Am Fam Physician. 2001 Feb 15;63(4):721-722.
Vaccine Program Reduces Referral Rate of Uninsured Children
(52nd Annual Scientific Assembly of the American Academy of Family Physicians) According to results of a survey, physicians were less likely to refer Medicaid-insured or uninsured children from their practice to public vaccine clinics since the introduction of the Vaccines for Children (VFC) entitlement program in 1994. Seventy-two percent of primary care physicians (281 of 388) who received the survey in Minnesota and Pennsylvania responded. Results showed that, on a scale of zero to 10, physician likelihood to refer an uninsured child decreased by a mean of 1.4 from pre-VFC to post-VFC. Forty-one percent of physicians reported that the VFC program decreased the number of referrals from their practice to public vaccine clinics and 54 percent gave intermediate responses. Only 8 percent of physicians participating in the VFC program were likely to refer a Medicaid-insured or uninsured child compared with 34 percent of physicians not participating in the VFC program. Physicians from Pennsylvania reported a mean difference of 11.5 in the percentage of children for whom costs hindered vaccinations.—richard k. zimmerman, m.d., m.p.h., University of Pittsburgh School of Medicine, Pittsburgh, Pennsylvania.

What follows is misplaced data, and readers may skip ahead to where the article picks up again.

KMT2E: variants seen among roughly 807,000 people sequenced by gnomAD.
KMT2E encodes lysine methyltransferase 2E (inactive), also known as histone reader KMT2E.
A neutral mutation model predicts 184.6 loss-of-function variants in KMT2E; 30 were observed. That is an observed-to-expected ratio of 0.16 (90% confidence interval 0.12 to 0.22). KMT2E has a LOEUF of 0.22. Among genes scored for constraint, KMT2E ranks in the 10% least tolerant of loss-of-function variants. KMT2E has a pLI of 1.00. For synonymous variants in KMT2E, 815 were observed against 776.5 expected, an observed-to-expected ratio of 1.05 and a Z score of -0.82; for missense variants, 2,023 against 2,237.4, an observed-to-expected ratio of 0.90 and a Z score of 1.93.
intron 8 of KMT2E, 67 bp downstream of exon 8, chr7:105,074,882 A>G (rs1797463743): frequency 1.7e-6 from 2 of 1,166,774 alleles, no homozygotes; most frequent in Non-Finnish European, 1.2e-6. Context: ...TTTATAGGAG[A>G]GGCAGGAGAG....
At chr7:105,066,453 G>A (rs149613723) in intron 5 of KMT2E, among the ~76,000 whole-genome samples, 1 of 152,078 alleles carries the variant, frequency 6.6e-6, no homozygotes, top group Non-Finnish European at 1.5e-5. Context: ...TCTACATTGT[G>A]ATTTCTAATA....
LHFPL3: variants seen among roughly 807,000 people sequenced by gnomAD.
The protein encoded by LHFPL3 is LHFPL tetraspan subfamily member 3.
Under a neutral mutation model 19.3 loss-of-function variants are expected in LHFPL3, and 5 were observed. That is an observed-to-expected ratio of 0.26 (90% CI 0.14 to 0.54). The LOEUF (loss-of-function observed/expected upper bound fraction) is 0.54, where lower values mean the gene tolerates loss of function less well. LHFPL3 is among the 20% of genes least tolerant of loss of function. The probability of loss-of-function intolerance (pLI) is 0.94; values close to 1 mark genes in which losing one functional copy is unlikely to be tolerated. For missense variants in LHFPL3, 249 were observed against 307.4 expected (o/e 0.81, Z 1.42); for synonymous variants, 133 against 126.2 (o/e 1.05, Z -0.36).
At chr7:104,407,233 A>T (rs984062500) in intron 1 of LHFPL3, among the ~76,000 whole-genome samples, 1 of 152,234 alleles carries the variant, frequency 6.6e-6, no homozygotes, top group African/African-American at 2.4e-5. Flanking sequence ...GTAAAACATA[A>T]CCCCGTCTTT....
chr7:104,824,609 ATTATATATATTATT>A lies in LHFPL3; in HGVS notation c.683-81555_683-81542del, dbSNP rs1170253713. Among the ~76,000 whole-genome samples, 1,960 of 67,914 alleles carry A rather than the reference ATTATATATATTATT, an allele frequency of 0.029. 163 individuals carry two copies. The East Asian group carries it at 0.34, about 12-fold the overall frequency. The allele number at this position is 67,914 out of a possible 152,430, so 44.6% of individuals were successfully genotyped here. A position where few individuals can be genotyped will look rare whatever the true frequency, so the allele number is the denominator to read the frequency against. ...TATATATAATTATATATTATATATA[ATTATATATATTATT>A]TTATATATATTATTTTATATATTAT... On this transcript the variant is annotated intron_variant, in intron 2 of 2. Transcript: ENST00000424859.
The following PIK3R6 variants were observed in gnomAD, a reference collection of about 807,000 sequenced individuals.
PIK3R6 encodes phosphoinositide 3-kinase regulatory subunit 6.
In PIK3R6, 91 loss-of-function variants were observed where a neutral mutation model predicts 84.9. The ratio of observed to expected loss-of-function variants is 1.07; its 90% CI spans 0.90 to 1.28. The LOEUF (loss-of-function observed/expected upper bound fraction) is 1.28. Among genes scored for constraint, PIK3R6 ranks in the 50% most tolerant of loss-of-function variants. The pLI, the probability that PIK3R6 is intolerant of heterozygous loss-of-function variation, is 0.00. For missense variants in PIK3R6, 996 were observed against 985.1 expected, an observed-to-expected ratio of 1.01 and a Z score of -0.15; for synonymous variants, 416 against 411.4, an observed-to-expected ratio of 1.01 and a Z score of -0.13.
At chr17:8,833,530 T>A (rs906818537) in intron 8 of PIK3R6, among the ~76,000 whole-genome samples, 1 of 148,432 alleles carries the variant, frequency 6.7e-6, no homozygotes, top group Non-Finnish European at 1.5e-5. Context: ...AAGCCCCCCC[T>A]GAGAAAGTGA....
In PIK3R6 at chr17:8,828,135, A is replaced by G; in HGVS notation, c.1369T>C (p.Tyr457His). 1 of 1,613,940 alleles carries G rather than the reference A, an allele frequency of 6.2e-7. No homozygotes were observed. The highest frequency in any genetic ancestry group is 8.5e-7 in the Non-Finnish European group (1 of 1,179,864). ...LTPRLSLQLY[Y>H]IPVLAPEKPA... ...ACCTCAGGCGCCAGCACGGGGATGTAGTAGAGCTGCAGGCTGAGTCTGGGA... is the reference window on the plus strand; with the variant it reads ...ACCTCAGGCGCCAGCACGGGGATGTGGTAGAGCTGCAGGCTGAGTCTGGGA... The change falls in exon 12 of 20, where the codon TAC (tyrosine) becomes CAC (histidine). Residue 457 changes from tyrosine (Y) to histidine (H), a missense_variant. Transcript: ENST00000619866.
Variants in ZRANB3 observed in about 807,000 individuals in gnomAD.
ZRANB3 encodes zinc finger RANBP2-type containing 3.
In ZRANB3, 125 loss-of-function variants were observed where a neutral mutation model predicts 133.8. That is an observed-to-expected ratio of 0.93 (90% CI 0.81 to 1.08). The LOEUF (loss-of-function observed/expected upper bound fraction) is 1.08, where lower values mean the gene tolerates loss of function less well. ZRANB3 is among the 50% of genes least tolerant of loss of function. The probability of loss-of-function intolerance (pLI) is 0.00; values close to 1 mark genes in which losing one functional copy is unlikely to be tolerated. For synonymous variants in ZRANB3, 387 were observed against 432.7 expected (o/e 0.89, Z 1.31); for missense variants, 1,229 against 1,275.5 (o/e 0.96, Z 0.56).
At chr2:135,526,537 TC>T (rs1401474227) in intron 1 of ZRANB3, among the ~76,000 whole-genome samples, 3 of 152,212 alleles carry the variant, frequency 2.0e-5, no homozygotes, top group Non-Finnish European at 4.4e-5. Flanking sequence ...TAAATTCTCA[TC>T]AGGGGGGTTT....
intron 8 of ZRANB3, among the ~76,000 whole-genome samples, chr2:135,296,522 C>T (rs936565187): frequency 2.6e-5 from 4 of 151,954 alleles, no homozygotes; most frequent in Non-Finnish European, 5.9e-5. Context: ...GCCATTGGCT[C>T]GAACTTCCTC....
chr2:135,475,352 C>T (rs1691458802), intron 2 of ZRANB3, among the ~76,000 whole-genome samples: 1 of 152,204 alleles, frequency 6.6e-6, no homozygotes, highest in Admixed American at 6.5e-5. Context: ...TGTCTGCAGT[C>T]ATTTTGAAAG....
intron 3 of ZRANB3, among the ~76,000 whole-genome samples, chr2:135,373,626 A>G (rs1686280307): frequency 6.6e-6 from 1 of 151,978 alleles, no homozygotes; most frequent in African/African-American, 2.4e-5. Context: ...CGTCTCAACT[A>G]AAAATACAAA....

Inpatient Tobacco Cessation Programs Can Be Effective
(22nd Annual Conference on Patient Education) Cardiovascular patients, particularly open-heart surgery patients, can benefit significantly from inpatient tobacco counseling programs administered during the acute phase of illness, according to a study on the efficacy of such a program. From June 1998 through January 1999, patients admitted with positive tobacco use and a diagnosis of congestive heart failure, chest pain syndrome, stent/cardiac intervention and open-heart surgery received tobacco cessation counseling at WellSpan Health York Hospital, York, Pa. Counseling was individualized and personal; a physician order was not required. The patients were assessed for stage of preparedness following the Transtheoretical model of change. The counseling was a team effort including physicians, nursing staff and other health care professionals. Follow-up telephone calls were made for those patients striving to remain tobacco-free at two weeks, three, six, nine and 12 months. Of 316 patients (88 of whom were open-heart surgery patients), 187 received follow-up at one year; 67 percent (47 patients) of these were open-heart surgery patients. The investigators believe that the timing of inpatient counseling during the acute phase of illness more successfully prepares patients to make behavioral changes and provides opportunity to consider pharmacologic support options prior to discharge from the hospital. They also believe that successful tobacco cessation appears to be directly related to the intensity of counseling.—vickie l. zeiler, a.s., r.c.p., et al., WellSpan Health York Hospital, York, Pennsylvania.
Interdisciplinary Approach Helps Patients Lower Cholesterol Levels